A northern harrier, its white rump patch catching the watery light, startled the nearest geese into rising from where they rested and fed. Within moments, the nervousness of a few waterfowl swept through the flock, and hundreds of birds were in the air, honking their discontent in a higher-pitched and more tremulous voice than that of the familiar Canada goose.
Though I looked carefully, I failed to find any Ross’s geese among the swirling clouds of white waterfowl. Snow geese and Ross’s geese are two distinct species, though very similar in appearance; the rarer Ross’s is more diminutive in build and has a smaller bill. I later read on the Vermont bird listserv that there were indeed two Ross’s geese at Dead Creek that afternoon, but they were the needles in the haystack of thousands of snow geese.
I may have lucked into witnessing the peak of this year’s snow goose migration, but there’s still time for you to see the spectacular waterfowl as they pass through Vermont.
At 2,858 acres, Dead Creek Wildlife Management Area is administered by Vermont Fish and Wildlife and includes extensive reaches of cattail marsh and stretches of open water. The geese, however, are concentrated in upland agricultural fields. The designated goose viewing area along Route 17 is the best place to see the birds, but a little farther south, Gage Road can provide good sightings as well.
Moreover, though the snow geese may be the star attraction, there is more here for inquisitive visitors to enjoy. Northern shovelers and green-winged teal dabble in the shallow, ponded water of the fields, and once in a while a pectoral sandpiper passes by overhead. A quarter mile west of the goose viewing turnoff, Route 17 crosses the still, murky waters of Dead Creek. Mallards and black ducks ply the waters here. Just over the bridge, a left turn takes you down a gravel road towards a hunters’ camping area. Look along the reedy edges of the water for great blue herons and wood ducks. Despite its name, Dead Creek is a lively place.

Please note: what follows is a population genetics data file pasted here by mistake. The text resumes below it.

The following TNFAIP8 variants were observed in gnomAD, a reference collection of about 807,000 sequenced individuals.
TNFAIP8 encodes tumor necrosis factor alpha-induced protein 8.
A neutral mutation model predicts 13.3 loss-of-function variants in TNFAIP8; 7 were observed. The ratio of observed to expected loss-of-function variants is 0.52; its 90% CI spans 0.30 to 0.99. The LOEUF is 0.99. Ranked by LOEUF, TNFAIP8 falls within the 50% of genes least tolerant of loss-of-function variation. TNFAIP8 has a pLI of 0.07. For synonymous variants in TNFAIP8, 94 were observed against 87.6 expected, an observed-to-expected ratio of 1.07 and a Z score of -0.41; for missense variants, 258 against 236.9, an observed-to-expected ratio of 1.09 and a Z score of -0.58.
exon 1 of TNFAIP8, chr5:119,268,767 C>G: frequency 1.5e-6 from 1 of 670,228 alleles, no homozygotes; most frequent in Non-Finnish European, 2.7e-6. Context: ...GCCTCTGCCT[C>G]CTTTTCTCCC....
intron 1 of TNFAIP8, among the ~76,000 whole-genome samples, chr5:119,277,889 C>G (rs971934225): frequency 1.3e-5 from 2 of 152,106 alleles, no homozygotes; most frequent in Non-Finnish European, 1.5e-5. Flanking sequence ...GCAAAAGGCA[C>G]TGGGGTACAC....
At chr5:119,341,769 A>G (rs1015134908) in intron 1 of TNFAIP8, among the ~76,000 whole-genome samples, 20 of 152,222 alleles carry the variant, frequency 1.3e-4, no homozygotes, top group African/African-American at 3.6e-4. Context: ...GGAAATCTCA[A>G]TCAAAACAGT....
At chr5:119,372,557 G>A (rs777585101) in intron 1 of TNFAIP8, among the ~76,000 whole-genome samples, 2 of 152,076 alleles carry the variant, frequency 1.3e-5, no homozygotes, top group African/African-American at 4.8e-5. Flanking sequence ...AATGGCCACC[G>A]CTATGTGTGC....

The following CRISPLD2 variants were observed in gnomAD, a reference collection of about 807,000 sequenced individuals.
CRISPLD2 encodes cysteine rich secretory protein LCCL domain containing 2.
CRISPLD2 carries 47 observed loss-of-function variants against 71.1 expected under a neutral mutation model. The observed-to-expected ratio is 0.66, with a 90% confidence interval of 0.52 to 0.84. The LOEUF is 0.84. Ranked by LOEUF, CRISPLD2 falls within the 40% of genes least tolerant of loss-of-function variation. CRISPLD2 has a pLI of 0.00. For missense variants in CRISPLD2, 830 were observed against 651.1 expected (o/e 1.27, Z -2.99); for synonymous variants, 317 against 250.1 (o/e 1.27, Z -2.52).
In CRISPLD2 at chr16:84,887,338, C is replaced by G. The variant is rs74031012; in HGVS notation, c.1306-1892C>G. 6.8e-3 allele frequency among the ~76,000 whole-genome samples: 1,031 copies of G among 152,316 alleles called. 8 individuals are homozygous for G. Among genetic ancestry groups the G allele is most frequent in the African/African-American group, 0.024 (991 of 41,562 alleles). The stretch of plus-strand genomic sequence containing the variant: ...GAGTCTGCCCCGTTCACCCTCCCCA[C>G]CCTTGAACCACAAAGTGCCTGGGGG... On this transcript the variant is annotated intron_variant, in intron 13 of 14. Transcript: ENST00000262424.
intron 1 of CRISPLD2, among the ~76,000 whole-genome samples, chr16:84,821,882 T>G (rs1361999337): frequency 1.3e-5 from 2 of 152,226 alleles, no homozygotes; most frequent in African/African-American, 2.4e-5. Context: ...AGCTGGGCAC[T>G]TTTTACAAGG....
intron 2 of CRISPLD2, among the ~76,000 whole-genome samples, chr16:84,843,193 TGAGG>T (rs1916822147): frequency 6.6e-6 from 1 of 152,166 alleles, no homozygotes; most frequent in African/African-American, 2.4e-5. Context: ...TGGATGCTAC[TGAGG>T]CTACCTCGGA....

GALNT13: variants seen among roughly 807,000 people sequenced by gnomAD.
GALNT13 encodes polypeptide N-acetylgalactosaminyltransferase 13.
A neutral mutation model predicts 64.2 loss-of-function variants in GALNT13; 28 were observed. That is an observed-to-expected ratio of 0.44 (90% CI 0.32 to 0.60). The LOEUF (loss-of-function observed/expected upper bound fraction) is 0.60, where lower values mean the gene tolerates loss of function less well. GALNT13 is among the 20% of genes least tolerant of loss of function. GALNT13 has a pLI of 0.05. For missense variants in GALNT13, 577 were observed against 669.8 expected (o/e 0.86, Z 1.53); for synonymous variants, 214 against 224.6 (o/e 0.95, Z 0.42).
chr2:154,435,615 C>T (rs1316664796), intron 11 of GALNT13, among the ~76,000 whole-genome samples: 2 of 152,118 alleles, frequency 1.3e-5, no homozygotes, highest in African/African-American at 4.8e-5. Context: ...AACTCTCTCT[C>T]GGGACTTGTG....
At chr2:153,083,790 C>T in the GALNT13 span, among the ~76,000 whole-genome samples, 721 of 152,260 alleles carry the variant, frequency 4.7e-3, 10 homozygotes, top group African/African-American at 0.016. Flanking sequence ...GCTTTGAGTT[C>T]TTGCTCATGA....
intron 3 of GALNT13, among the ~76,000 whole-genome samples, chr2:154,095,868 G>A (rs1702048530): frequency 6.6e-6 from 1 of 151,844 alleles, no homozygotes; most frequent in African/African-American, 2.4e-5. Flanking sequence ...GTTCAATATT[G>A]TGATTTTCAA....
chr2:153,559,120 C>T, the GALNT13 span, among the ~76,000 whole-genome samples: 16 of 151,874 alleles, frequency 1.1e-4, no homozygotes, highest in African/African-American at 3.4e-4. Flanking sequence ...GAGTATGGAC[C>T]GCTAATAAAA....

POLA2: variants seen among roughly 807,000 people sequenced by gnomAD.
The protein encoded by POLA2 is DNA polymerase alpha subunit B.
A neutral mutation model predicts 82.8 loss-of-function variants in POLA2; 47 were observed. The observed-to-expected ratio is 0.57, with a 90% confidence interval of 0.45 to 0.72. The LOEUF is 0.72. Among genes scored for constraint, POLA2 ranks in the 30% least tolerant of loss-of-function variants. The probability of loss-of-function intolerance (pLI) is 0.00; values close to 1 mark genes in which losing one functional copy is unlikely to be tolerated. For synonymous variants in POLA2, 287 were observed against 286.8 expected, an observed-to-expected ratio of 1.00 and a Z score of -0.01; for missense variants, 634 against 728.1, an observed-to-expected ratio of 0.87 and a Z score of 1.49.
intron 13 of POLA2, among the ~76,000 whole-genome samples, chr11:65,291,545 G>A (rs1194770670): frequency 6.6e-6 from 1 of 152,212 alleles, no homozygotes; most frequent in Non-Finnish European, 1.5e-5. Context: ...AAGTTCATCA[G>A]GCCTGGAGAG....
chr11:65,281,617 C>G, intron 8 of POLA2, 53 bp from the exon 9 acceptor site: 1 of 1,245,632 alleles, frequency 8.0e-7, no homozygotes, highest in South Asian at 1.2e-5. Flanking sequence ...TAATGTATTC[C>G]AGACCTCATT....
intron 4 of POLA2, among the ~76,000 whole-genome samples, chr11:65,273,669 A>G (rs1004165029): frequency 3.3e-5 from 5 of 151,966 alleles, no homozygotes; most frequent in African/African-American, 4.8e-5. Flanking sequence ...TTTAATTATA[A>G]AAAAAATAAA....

The creek flows northward, parallel to the southernmost portion of Lake Champlain. Just seven miles north of where it flows under Route 17, the creek joins with Otter Creek and soon wends its way into the lake. Its meandering path has been modified by the addition of dams, and today, the state actively manages water levels in the flooded impoundments.
The snow goose hunting season runs from October 1 – December 29 in the Lake Champlain waterfowl hunting zone, with a daily bag limit of 25 birds. Portions of the Dead Creek Wildlife Management Area, including the upland areas south of Route 17 near the viewing area, are managed as a refuge where no hunting or other public access is permitted.
by Doug Morin
I opened my backdoor and stepped into the yard to a flash of red and buzz of wings – a hummingbird. Maybe the last of his kind I will see this year, he perched on a small branch, tilted his head to either side, then flew off down the road.